Promoting Artisanal Vietnamese Craftsmanship
Each year countless people flock to Vietnam to explore the country’s hidden culture. Vietnam today is a country alive with all manner of traditional arts and crafts, however, it has taken a long time to get back to this point. The many years of warfare that blighted Vietnam destroyed much of its artwork, as well as the skills that made it. Since peacetime, the arts have begun to flourish, and Vietnam once more considers itself a centre for beautiful craftsmanship.
Craft is in fact so embedded in Vietnamese culture and history that many place names relate to the specific craft that was once, and is once again, being practiced there. The same goes for street names such as in Hanoi, where the names give an indication of the particular occupation, production process, or material that the street was initially known for, and is now being known for again.
Started in 1996 by eight young Vietnamese individuals, Craft Link was set up to aid the production and sale of handicrafts as a means to generate income for poor and marginalised people within Vietnam. Although Vietnam’s economy was booming, the effects were primarily felt in urbanised areas, such as Ho Chi Minh City and Hanoi. To address this problem, Craft Link sought to encourage local handicraft projects that develop new skills, create new products, and form some sort of order within a production group. Additionally their research showed that whilst there are many existing handicraft producers in Vietnam, they often have difficulty in finding new markets in the changing economic system. In essence, Craft Link helps these people find a market for their products. Another way in which Craft Link are helping artisans in the areas of product design as well as business training. By learning about marketing, accounting, quality control and price-setting, these craftspeople are able to be more flexible to market changes, adapt their designs accordingly and know how best to go about producing them.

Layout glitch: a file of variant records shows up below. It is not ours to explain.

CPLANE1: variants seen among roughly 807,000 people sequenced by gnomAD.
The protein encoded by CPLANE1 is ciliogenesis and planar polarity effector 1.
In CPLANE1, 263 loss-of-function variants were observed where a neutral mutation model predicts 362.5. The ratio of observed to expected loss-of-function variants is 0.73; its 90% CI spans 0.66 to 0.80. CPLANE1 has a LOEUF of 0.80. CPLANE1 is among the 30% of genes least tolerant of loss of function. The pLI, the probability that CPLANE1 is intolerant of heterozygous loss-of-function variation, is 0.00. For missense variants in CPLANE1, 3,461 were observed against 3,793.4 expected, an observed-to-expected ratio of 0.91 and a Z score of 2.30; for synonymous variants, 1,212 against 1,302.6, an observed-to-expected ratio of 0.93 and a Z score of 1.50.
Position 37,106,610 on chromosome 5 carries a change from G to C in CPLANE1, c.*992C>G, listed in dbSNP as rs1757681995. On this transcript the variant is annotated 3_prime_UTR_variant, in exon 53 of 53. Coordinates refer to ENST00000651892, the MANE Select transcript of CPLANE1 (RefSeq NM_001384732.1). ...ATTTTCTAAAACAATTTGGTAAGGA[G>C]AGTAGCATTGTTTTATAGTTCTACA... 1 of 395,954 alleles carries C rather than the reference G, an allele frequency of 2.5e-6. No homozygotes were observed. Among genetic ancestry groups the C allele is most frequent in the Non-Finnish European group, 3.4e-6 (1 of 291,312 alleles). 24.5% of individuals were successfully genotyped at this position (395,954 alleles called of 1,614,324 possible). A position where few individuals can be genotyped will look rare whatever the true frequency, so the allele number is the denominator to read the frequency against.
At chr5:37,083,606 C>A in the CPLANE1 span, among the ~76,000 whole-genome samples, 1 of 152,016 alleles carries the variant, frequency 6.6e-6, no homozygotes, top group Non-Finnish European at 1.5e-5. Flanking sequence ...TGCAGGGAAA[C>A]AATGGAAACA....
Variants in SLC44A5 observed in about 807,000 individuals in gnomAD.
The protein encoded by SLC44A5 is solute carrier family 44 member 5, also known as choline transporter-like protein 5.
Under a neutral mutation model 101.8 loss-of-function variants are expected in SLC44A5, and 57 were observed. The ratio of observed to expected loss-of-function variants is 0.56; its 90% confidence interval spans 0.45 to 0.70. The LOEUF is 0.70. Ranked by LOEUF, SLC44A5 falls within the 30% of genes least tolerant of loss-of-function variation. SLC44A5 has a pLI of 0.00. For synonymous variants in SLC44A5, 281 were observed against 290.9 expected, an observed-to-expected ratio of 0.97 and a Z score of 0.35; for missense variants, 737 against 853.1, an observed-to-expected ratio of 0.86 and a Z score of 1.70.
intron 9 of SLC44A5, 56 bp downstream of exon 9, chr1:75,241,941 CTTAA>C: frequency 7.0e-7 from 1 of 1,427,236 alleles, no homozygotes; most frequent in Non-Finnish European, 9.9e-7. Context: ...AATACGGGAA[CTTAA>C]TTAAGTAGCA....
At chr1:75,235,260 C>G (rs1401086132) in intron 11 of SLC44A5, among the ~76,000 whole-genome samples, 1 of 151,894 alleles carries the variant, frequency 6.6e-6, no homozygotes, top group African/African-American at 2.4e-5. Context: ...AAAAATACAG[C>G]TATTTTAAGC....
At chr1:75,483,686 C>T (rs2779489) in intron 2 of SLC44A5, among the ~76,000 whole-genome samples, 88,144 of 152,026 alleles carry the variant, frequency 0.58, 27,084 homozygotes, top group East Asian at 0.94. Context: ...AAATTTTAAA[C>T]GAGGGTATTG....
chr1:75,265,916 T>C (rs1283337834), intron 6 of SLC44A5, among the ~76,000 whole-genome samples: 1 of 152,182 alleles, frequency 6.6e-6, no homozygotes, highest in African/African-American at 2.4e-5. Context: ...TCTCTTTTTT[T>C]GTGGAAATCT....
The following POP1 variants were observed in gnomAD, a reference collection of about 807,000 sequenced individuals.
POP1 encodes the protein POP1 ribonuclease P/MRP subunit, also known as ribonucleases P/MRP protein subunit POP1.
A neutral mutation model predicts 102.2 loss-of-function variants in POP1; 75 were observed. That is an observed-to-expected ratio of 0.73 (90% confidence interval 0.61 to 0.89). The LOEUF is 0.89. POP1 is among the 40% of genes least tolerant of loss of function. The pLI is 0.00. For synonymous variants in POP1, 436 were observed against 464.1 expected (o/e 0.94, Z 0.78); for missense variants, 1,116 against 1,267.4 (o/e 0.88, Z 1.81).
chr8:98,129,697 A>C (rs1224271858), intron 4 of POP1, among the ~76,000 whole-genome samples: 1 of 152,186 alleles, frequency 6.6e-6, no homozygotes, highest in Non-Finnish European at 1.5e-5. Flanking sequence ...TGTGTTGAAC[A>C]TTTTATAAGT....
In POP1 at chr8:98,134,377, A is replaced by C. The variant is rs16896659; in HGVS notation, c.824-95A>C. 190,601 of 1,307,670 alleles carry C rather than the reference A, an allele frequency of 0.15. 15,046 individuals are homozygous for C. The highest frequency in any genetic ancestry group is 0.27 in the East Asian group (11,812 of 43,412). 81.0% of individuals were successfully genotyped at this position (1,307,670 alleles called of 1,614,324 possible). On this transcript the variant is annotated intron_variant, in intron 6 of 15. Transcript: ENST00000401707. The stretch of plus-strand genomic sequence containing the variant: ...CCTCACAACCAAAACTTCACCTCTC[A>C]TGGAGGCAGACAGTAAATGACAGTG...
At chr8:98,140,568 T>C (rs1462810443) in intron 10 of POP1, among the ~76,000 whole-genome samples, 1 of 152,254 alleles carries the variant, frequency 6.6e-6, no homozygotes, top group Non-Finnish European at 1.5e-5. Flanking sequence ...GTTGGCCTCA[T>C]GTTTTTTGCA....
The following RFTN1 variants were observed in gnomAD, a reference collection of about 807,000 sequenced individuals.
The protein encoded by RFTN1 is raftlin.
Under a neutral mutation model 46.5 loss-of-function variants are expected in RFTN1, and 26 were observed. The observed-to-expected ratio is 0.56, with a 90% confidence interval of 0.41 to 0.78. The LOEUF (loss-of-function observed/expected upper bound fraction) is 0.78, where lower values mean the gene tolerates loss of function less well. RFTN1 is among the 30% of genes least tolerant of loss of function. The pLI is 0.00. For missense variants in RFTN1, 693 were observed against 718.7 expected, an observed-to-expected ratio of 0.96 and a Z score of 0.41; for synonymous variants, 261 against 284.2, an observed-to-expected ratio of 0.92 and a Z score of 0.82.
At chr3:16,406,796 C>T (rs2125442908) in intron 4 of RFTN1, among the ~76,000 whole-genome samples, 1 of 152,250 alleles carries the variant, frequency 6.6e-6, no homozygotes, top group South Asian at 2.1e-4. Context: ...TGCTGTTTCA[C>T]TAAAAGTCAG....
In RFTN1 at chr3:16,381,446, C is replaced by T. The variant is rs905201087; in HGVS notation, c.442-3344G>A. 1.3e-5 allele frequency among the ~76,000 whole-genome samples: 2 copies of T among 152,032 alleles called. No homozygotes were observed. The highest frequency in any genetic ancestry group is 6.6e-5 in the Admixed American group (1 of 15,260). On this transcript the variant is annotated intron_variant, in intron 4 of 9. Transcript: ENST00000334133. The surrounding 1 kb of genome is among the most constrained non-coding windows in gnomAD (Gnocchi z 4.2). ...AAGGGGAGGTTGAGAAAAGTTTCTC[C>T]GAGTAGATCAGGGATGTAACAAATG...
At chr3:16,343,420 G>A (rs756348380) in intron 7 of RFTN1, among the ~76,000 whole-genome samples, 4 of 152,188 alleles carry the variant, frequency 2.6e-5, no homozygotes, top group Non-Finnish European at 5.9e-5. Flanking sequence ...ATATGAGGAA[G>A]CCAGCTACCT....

Starting off as a design and product development project based in Vietnam, UMA’s main focus initially was to blend Vietnamese craft productions, with Scandinavian design to create clean, modern products. In 2011, UMA supported the Swedish design duo, Mattias Rask and Tor Palm of Glimpt, in a project that utilised Vietnamese craft. Observing a particular technique in which small bowls are created by fixing paper thread around rolls of seagrass, the designers scaled-up the technique to create furniture pieces. Working with weavers in Ho Chi Minh City, they produced a series of stools called Superheroes. Wrapping the rolls of dried seagrass around an internal metal frame creates the structural form of the stools. The project adhered to UMA’s aim to combine Vietnamese craftsmanship with Scandinavian design.
Au Lac Designs